This section is from the book "On British Wild Flowers Considered In Relation To Insects", by John Lubbock. Also available from Amazon: Nature Series On British Wild Flowers Considered In Relation To Insects.
This order is the subject of Mr. Darwin's admirable work, "On the Various Contrivances by which British and Foreign Orchids are fertilised by Insects," from which the following facts are taken. The order contains sixteen British genera, several of them extremely curious and pretty. The species with long nectaries are fertilised by Lepidoptera, those with shorter ones, as a general rule, by bees and flies; Epipactis latifolia, it is said, exclusively by wasps, so that, according to Darwin, "if wasps were to become extinct in any district, so would the Epipactis latifolia" Other species on the contrary such as Epipactis viridifolia, and Ophrys apifera (the Bee Orchis) habitually fertilise themselves. It is remarkable that in some Orchids the ovules are not developed until several weeks, or even months, after the pollen tubes have penetrated the stigma. (Hildebrand, Bot. Zeit., 1863 and 1865. Fritz Muller, Bot. Zeit., 1868.)
The flower in this order is very abnormal. There is, except in Cypripedium, only one anther, which is confluent with the style, forming the so-called "column." The anther is divided into two cells, which are often so distinct as to appear like two separate anthers. The pollen in most Orchids coheres in masses, which are supported by a stalk or "caudicle;" the pollen masses with their stalks are called "pollinia." The styles are theoretically three in number; but the stigma of the upper one is modified into a remarkable organ called the "rostellum," and those of the two lower ones are often confluent, so that they appear like one.
Orchis mascula (Fig. 120) is perhaps our commonest species.
Fig. 121 represents the side view of a flower from which all the petals and sepals have been removed, except the lip (/) half of which has been cut away, as well as the upper portion of the near side of the nectary (n). The pollen forms two masses (Figs. 121, 122a, and 123), each attached to a tapering stalk, which gives the whole an elongated pearlike form, and is attached to a round sticky disk (Fig. 123d), which lies loosely in a cup-shaped envelope or rostellum (r). This envelope is at first continuous, but the slightest touch causes it to rupture transversely, and thus to expose the two viscid balls (dd). Now suppose an insect visiting this flower: it alights on the lip (/), and pushing its proboscis down the nectary to the honey, it can hardly fail to bring the base of the proboscis into contact with the two viscid disks, which at once adhere to it, so that when the insect draws back its proboscis, it carries away the two pollen masses. It is easy to imitate this with a piece of grass, and to carry away on it the two pollen masses and their stalks. If, however, the pollinium retained this erect position when the insect came to the next flower, it would simply be pushed into or against its old position. Instead, however, of remaining upright, the pollinia, by the contraction of the minute disk of membrane to which they are attached, gradually turn downwards and forwards, and thus when the insect sucks the next flower, the thick end of the club exactly strikes the stigmatic surfaces (st st). The pollinium or pollen-mass consists of packets of pollen grains, fastened together by elastic threads. The stigma, however, is so viscid, that it pulls off some of these packets, and ruptures the threads, without removing the whole pollinium, so that one pollinium can fertilise several flowers.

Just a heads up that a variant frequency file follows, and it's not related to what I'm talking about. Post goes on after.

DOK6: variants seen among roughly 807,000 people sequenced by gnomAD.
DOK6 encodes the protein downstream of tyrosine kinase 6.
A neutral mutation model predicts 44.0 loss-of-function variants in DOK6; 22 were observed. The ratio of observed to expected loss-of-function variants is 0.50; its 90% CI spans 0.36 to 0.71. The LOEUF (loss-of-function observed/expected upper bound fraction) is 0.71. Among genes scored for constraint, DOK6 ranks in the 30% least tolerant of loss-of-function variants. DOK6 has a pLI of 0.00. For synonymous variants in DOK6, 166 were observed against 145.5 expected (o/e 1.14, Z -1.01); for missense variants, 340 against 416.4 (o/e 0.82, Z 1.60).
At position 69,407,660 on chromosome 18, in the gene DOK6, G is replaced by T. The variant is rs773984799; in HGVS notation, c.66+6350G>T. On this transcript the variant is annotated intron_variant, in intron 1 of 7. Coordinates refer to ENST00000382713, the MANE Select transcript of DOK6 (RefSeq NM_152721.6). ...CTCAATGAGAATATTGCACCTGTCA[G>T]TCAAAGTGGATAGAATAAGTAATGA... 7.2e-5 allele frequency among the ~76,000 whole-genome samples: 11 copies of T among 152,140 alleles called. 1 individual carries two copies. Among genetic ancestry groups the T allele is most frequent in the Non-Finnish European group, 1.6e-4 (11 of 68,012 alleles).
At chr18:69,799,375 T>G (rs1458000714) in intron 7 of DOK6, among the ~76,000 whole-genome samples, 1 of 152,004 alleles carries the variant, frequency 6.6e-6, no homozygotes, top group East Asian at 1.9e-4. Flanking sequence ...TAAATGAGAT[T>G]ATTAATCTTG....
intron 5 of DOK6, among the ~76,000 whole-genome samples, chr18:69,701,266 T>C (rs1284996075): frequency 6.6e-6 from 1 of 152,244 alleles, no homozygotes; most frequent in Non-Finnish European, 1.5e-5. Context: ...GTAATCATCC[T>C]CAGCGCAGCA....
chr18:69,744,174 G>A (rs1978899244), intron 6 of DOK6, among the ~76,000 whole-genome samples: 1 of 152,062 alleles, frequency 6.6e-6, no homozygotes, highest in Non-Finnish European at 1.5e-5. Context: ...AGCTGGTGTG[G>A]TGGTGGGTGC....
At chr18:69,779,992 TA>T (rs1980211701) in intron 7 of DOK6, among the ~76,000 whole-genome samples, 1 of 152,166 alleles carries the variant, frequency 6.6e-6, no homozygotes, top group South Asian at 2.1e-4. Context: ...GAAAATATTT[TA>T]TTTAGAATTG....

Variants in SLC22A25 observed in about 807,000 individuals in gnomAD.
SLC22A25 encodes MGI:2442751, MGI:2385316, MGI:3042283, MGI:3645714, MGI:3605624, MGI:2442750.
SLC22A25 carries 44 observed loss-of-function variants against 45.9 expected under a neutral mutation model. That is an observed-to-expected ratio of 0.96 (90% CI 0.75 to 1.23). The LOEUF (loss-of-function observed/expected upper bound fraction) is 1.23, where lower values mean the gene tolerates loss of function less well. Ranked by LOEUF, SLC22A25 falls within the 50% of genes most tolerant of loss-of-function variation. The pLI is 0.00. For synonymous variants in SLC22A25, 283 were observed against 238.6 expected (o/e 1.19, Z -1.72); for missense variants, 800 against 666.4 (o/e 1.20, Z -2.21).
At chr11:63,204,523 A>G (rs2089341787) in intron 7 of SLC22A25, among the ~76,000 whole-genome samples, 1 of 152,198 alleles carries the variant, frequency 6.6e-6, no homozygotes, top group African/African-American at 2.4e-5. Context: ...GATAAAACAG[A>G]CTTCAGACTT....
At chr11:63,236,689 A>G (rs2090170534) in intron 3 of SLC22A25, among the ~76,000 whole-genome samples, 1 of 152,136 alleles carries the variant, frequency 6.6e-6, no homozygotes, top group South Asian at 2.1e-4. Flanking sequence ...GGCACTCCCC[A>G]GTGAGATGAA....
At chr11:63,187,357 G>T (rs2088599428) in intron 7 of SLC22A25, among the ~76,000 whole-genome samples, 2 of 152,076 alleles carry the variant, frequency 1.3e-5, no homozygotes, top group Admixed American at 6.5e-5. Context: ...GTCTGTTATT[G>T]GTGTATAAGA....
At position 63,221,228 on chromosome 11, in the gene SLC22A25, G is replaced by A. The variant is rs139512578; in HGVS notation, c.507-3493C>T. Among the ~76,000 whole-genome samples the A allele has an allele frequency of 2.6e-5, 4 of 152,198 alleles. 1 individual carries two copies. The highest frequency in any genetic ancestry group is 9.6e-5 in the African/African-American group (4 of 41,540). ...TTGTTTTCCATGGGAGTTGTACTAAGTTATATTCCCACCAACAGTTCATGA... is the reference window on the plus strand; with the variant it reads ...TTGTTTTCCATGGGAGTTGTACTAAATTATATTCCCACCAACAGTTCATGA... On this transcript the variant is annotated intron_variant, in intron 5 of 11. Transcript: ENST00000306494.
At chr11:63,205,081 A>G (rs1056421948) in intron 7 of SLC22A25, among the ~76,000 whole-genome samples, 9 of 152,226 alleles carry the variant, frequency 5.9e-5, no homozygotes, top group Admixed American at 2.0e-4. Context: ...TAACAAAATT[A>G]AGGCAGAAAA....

Fig. 120 - Orchis mascula.
Fig. 121. - bide view of flower, with all the petals and sepals cut off except the lip, of which the near half is cut away, as well as the upper portion of the near side of the nectary .
Fig. 122. - Front view of flower, with all sepals and petals removed except the lip.
Fig. 123. - The two pollinia.
This description applies in essentials not only to Orchis mascula, but also to O. Morio, O. fusca, O. macidata, and O. latifolia, as well as to Aceras anthropophora (the Man orchis), in all of which the pollinia undergo, after removal from the anther cells, the curious movement of depression, which is necessary in order to place them in the right position to strike the stigmatic surface.
0. pyramidalis differs from the above group in several important points. The two stigmatic surfaces are quite distinct, and the rostellum is brought down, so as to overhang and partly close the entrance to the nectary. The viscid disks which support the pollen masses, are united into a single saddle-shaped body. The lower lip is furnished with two prominent ridges, which serve to guide the proboscis of the insect into the orifice of the nectary. It is of course important that the proboscis should not enter obliquely, for in that case the pollen masses would not occupy exactly the right position.
Following Darwin and other botanists, I have applied to the spur of Orchis the term "nectary." As a matter of fact, however, the flowers of this genus produce no honey; whence Sprengel applied to them the term "Scheinsaftblumen" or "Sham-honey-flowers." Darwin does not, however, think that moths (by which the flowers of this group are principally fertilised) could be so deceived for generation after generation; and as he has observed that the membrane of the interior of the spur is very delicate, and the cellular tissue extremely juicy, he suspected that insects possibly pierce the membrane, and suck the juicy sap lying beneath. His suggestion has been confirmed by H. Muller, and he himself in a subsequent memoir ("Ann. and Mag. of Nat. His.," 1869, p. 143) speaks confidently on the point. Del-pino, on the contrary, is confident that the species examined by him (O. sambucina, O. morio, O. mascula, and O. metadata) do not secrete honey either on or under the epidermis.